grok87 wrote: Whakamole wrote: HomerJ wrote: grok87 wrote:
Random Walker wrote:Grok,
Yes there is Momentum everywhere. The AQR funds invest in equities, bonds, commodities, currencies. Diversifying across asset classes within the Style improves its efficiency lots.
Well the fund hasn't really been through a crisis yet. I guess we'll see then if that diversification helps or not.
The last two times AQR went through a crisis (2000 and 2008), some of their other funds almost went bankrupt. Cliff admitted he was 3 months from closing shop in 2000 if the market hadn't finally crashed (he was short a lot of tech stocks). In 2008, his defense was that he had never seen a market like that. It was outside any models they had.
Those funds were also hedge funds. Invested in multiple factors. With models based on historical data.
I hope the next crisis is something we've already seen, because then it will be accounted for in his models. If it's something new, and/or it lasts 3 months too long, you may lose a ton of money investing with him. It's certainly not riskless, even though he's selling it that way because "diversification"
Or will be something else his models haven't predicted because it hasn't happened before. Wasn't that the mistake that brought down LTCM?
it's even worse than that.
whatever assumptions he and others build into their models and upon which they have constructed their defenses will be the very thing to bring them down.
for example the volatility targeting thing. the assumption is that rising volatility is a signal of coming risk. And their defense is then to start selling, scaling down their positions to manage risk. the trouble is everyone else has the same plan so everyone is going to sell at the same time. the rout will then accelerate in a self-reinforcing downward spiral.
take the run up to the global financial crisis. A massively leveraged financial edifice was built on the assumption that there would never be a nationwide downturn in housing prices. And then guess what happened? (Answer a massive nationwide downturn in housing prices).
Investing is not physics. the bad stuff that happens are not random external shocks. the bad stuff that happens is almost always of our own design. We have met the enemy and he is us.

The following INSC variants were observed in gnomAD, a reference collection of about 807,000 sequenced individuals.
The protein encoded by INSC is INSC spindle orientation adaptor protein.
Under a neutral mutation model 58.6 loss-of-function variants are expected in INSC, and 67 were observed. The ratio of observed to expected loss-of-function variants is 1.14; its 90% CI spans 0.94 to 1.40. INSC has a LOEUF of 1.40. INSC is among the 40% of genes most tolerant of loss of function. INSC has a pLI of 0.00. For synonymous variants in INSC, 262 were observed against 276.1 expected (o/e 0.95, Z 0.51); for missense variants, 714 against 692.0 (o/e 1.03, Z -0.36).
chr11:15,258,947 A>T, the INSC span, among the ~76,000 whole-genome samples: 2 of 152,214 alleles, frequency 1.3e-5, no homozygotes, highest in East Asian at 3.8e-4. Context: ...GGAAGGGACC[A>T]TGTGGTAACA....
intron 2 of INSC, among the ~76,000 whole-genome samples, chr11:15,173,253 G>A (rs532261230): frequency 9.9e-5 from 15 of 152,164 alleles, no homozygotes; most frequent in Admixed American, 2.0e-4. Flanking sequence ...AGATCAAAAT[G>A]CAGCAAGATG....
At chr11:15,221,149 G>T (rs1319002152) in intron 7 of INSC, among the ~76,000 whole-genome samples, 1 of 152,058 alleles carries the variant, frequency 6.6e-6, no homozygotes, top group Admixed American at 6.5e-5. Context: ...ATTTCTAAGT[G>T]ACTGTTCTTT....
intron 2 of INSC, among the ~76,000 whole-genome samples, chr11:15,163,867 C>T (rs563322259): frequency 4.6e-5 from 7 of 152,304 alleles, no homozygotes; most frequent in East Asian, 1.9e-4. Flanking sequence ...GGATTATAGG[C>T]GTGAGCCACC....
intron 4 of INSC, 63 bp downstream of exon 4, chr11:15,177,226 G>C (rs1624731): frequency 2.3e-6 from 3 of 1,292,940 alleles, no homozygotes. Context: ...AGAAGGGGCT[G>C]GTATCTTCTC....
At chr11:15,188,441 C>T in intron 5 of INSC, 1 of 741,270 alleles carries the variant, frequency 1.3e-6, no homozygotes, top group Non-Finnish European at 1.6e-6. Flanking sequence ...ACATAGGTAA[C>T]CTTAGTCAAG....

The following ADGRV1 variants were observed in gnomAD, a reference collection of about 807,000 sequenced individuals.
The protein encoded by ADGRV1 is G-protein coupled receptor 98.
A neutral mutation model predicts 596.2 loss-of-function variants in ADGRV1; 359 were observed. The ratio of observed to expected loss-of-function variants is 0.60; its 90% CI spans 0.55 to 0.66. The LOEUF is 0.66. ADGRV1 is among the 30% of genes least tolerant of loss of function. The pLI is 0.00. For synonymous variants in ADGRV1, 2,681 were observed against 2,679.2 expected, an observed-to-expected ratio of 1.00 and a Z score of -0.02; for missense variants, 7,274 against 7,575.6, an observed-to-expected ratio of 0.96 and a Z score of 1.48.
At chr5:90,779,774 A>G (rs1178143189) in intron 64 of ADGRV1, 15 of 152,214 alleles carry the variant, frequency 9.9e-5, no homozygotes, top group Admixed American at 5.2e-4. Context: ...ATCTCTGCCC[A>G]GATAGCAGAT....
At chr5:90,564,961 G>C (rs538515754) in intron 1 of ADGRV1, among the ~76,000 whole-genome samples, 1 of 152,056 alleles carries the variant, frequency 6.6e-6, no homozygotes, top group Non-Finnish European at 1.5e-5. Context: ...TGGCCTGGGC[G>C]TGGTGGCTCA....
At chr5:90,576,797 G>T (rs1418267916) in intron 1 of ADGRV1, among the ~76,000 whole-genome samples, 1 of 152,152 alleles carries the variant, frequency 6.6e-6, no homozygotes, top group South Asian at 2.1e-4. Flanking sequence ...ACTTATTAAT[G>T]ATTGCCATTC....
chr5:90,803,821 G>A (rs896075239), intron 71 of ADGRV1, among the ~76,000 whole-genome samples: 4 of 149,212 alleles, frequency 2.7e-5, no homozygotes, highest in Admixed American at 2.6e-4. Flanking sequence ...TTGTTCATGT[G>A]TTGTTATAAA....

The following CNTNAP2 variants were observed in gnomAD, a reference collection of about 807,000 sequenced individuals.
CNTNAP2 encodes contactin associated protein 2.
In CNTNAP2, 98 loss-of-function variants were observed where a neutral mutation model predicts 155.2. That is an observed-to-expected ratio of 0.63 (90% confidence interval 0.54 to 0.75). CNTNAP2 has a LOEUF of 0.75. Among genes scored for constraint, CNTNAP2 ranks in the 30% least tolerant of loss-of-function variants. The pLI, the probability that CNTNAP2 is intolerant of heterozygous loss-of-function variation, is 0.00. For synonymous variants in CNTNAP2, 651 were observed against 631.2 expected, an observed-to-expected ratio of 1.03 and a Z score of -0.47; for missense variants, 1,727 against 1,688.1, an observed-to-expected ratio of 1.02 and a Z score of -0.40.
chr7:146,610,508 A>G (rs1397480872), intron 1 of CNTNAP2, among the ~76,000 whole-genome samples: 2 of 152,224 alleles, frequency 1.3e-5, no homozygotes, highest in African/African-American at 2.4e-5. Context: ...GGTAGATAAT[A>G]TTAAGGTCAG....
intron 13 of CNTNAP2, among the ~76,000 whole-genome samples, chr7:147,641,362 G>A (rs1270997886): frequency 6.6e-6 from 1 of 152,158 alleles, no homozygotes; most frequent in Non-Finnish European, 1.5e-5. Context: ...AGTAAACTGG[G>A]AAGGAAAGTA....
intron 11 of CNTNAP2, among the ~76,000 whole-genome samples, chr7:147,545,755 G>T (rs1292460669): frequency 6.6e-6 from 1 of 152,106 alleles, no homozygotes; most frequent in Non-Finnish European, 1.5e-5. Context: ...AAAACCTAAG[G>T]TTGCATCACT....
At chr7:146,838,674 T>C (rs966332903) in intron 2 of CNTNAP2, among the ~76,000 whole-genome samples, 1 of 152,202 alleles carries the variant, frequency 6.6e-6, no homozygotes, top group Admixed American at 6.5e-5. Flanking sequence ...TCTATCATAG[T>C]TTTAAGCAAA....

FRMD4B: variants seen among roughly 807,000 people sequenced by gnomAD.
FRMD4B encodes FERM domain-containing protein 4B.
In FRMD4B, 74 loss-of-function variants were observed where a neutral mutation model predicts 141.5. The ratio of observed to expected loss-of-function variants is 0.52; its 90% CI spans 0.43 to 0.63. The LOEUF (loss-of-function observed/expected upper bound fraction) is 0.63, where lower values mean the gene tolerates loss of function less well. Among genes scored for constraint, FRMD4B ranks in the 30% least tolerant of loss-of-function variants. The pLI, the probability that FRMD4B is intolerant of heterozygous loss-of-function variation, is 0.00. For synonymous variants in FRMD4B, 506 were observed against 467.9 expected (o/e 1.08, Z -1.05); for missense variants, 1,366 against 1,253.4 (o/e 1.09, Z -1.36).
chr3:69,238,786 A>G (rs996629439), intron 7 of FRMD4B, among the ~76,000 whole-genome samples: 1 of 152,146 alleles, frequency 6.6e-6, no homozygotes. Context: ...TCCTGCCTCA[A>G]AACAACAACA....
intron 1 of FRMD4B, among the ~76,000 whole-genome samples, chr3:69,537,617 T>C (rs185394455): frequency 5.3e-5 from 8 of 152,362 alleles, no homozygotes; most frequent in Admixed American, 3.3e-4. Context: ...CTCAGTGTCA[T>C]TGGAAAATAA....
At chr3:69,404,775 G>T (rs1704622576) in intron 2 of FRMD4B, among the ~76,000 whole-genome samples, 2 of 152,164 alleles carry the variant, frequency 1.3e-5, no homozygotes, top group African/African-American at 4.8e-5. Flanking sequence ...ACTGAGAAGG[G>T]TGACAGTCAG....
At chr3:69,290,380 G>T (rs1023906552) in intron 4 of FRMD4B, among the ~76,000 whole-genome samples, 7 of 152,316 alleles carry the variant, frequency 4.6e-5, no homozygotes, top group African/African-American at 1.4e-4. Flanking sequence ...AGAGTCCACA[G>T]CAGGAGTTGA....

Grok87, I like what you said that investing is not physics. It reminds me of when Larry Swedroe did a typo and said one of the top people at Buckingham had a PhD in psychics. There were a lot of chuckles over that, and truth be told, Larry's typo contained more truth than we will ever know.
The reality is that the markets have a way of doing the very thing that you never expected. This is why I don't like the leverage and shorting techniques that the hedge funds use. You don't know what the other big market players are doing. You may think yourself the contrarian when in fact a whole bunch of others might be doing exactly what you are doing. This hedge fund stuff gets to be like the spy vs spy and the measure vs countermeasure stuff in the Cold War. What happens is that the "smart people" themselves get outsmarted and perform what seems to us amateurs to be a very fundamental error. Sometimes, "smart money" really does some crazy and stupid stuff and us individual investors look brilliant by comparison.
The thing is, markets are mostly rational but can experience bouts of irrationality. It is human emotion, the greed and fear thing. We are better off having a good understanding of market history, human nature, and human behavior. Trying to reduce all of this to a physics equation is just nuts. There is no theory of everything for investing. Behavioral finance comes the closest.
Of course, some of the quants on this forum think I am an idiot and don't know what I am talking about. They don't understand the limits of accounting, and though the accountants do a good job, the numbers are not exact and contain things like judgment, estimates, and accruals. How can you arrive at precision when the numbers you start out with are not precise themselves? You just cannot explain this to a quant.
I have posted several times about Microsoft. The accountants give it a book value of about $9 a share. The market gives Microsoft stock, last I looked, a market value of about $70 a share. There is a $61 a share difference between what the accountants and what the market values Microsoft. I have explained why this is so and in another thread, Valuethinker made comments along this line as well. And yet the academics use book value per share as one measurement for determining value. Dude, what happened to the $61? This is part of my frustration in trying to explain this stuff to quants.
I am not arguing that book value is a meaningless measurement, I am saying that it has its limitations. As you look at financial data, you realize there is more squishiness to all of this than what is admitted to. Another example of what I am talking about is trying to construct efficient frontiers for your portfolio. Depending on what time periods you use, the efficient frontiers can move all over the place. I am not saying that efficient frontiers are bunk but that there are some pretty severe limitations. An imperfect tool in the toolbox and that is about it.
There gets to be a point where good enough is good enough and close enough is close enough. None of this is precise and even the experts do more eyeballing and educated guesses than what is admitted to. But then again, I am only right about anything around here about every six months or so.
A fool and his money are good for business.